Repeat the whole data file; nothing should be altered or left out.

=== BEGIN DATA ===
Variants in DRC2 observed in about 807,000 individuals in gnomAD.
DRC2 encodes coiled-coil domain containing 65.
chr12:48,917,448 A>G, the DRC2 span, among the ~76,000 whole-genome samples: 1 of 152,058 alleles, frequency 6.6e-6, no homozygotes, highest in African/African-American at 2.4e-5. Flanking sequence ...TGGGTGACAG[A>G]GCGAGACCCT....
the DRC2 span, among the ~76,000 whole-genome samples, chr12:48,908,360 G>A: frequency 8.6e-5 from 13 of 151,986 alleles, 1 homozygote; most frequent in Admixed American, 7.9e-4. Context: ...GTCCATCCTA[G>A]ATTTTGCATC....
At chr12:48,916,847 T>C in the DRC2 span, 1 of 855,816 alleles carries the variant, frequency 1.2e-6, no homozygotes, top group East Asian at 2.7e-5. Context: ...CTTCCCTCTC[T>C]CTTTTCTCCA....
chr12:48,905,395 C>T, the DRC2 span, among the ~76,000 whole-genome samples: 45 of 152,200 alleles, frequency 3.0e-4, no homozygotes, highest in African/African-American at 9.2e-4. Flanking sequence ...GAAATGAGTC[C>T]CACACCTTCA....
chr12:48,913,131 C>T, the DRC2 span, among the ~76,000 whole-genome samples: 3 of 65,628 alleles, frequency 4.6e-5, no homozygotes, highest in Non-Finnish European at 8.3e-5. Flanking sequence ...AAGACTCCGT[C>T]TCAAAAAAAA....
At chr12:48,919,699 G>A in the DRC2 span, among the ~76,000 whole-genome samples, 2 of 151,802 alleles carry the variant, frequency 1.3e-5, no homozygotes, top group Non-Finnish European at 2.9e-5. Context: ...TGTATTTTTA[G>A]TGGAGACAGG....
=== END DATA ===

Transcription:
Variants in DRC2 observed in about 807,000 individuals in gnomAD.
DRC2 encodes coiled-coil domain containing 65.
chr12:48,917,448 A>G, the DRC2 span, among the ~76,000 whole-genome samples: 1 of 152,058 alleles, frequency 6.6e-6, no homozygotes, highest in African/African-American at 2.4e-5. Flanking sequence ...TGGGTGACAG[A>G]GCGAGACCCT....
the DRC2 span, among the ~76,000 whole-genome samples, chr12:48,908,360 G>A: frequency 8.6e-5 from 13 of 151,986 alleles, 1 homozygote; most frequent in Admixed American, 7.9e-4. Context: ...GTCCATCCTA[G>A]ATTTTGCATC....
At chr12:48,916,847 T>C in the DRC2 span, 1 of 855,816 alleles carries the variant, frequency 1.2e-6, no homozygotes, top group East Asian at 2.7e-5. Context: ...CTTCCCTCTC[T>C]CTTTTCTCCA....
chr12:48,905,395 C>T, the DRC2 span, among the ~76,000 whole-genome samples: 45 of 152,200 alleles, frequency 3.0e-4, no homozygotes, highest in African/African-American at 9.2e-4. Flanking sequence ...GAAATGAGTC[C>T]CACACCTTCA....
chr12:48,913,131 C>T, the DRC2 span, among the ~76,000 whole-genome samples: 3 of 65,628 alleles, frequency 4.6e-5, no homozygotes, highest in Non-Finnish European at 8.3e-5. Flanking sequence ...AAGACTCCGT[C>T]TCAAAAAAAA....
At chr12:48,919,699 G>A in the DRC2 span, among the ~76,000 whole-genome samples, 2 of 151,802 alleles carry the variant, frequency 1.3e-5, no homozygotes, top group Non-Finnish European at 2.9e-5. Context: ...TGTATTTTTA[G>A]TGGAGACAGG....